The National Cutting Horse Association will pass a milestone in the next few weeks when all-time purses paid out at NCHA-produced and approved shows will pass the $600 million mark.

The $600 million figure represents purses won by cutting horses since the NCHAís foundation in 1946. Since that time, 62,900 horses have earned paychecks at NCHA shows. That makes cutting the richest performance horse discipline by far.

According to official NCHA records, individual horses have earned anywhere from a dollar or so back in the early days of the sport, to hundreds of thousands of dollars. In fact, at latest count, 1,004 individual cutting horses have earned more than $100,000 in NCHA competition. There are 243 horses that have topped the $200,000 mark, and 78 have made $300,000 or more.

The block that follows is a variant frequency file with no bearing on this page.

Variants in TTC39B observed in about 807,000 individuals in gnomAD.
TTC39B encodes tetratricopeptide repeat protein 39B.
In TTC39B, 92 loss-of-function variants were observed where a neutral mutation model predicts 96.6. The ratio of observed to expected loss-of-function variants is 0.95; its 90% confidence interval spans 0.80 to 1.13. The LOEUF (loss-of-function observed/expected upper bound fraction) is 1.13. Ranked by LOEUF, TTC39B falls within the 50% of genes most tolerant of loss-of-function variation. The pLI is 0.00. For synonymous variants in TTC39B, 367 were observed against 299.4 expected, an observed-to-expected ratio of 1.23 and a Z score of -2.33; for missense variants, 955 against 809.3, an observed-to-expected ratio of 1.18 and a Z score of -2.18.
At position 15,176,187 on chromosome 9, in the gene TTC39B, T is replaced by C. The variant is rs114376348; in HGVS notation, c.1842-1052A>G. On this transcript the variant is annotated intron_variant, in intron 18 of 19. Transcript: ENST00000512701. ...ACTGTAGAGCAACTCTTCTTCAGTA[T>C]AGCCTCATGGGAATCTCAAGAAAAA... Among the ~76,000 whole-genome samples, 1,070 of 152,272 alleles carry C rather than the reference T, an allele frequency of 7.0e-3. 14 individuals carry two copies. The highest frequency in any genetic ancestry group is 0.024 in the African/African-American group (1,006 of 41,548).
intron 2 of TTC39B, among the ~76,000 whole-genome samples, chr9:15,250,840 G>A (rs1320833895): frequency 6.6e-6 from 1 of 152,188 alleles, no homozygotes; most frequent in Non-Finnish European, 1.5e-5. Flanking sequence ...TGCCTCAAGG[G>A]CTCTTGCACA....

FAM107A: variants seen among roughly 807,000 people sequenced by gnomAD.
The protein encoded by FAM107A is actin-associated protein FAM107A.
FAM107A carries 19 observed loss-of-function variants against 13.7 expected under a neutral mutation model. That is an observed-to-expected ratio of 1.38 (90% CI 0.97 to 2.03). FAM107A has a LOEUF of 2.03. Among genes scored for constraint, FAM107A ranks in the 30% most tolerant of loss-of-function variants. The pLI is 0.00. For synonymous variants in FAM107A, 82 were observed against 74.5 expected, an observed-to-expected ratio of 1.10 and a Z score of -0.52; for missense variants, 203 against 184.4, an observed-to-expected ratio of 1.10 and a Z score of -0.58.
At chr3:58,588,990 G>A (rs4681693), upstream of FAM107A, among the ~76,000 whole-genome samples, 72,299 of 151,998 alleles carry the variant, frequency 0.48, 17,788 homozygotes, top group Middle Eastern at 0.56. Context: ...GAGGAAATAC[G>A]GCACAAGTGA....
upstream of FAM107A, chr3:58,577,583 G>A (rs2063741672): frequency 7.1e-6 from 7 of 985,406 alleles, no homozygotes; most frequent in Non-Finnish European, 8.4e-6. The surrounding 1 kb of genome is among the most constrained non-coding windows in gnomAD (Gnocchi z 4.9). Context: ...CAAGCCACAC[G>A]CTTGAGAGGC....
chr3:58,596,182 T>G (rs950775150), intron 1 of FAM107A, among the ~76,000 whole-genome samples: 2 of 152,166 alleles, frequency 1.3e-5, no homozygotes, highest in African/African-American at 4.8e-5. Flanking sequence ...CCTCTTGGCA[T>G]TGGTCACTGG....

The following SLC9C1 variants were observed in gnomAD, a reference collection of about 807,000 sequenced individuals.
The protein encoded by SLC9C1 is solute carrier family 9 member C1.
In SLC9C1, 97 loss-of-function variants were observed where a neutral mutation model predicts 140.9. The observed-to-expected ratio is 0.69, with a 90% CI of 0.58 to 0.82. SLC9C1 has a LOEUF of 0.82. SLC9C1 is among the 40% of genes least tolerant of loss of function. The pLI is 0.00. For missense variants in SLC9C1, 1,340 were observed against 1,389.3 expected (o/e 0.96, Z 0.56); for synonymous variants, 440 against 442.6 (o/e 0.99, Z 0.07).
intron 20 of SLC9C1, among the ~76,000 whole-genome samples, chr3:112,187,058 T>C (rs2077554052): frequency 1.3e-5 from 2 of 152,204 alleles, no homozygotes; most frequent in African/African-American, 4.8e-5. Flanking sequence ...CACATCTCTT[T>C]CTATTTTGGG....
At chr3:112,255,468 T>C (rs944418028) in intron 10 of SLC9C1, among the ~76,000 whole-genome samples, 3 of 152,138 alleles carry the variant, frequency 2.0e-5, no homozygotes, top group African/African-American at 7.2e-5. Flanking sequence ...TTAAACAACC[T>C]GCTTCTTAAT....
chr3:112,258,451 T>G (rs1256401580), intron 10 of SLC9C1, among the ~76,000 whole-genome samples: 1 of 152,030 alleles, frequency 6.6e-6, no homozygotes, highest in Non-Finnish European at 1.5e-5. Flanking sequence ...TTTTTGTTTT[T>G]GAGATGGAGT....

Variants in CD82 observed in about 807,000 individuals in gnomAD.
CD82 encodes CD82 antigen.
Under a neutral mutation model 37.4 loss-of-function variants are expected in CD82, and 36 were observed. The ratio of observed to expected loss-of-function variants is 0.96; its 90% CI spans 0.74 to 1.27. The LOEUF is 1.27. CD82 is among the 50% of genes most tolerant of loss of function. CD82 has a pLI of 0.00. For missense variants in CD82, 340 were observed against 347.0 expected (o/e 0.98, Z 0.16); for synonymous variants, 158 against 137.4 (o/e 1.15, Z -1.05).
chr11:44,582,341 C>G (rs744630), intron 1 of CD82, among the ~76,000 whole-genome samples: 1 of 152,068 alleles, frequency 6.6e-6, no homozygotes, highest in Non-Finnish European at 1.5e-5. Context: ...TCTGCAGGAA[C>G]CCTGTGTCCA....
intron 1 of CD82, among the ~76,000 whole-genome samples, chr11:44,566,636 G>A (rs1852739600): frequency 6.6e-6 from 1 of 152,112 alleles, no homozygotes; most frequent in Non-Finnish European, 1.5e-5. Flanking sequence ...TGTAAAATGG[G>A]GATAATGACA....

Interestingly, Poco Lena (pictured), the first inductee into the NCHA Hall of Fame, was foaled in 1949 and closed out her career with $99,819 in earnings. No horse foaled in the 1950s passed that mark, and Mr Holey Sox, a 1964 foal, was the oldest horse to earn a six-figure income.

With purses paid out easily topping $40 million annually in the last several years, NCHA is on pace to reach billion-dollar bragging rights within a decade.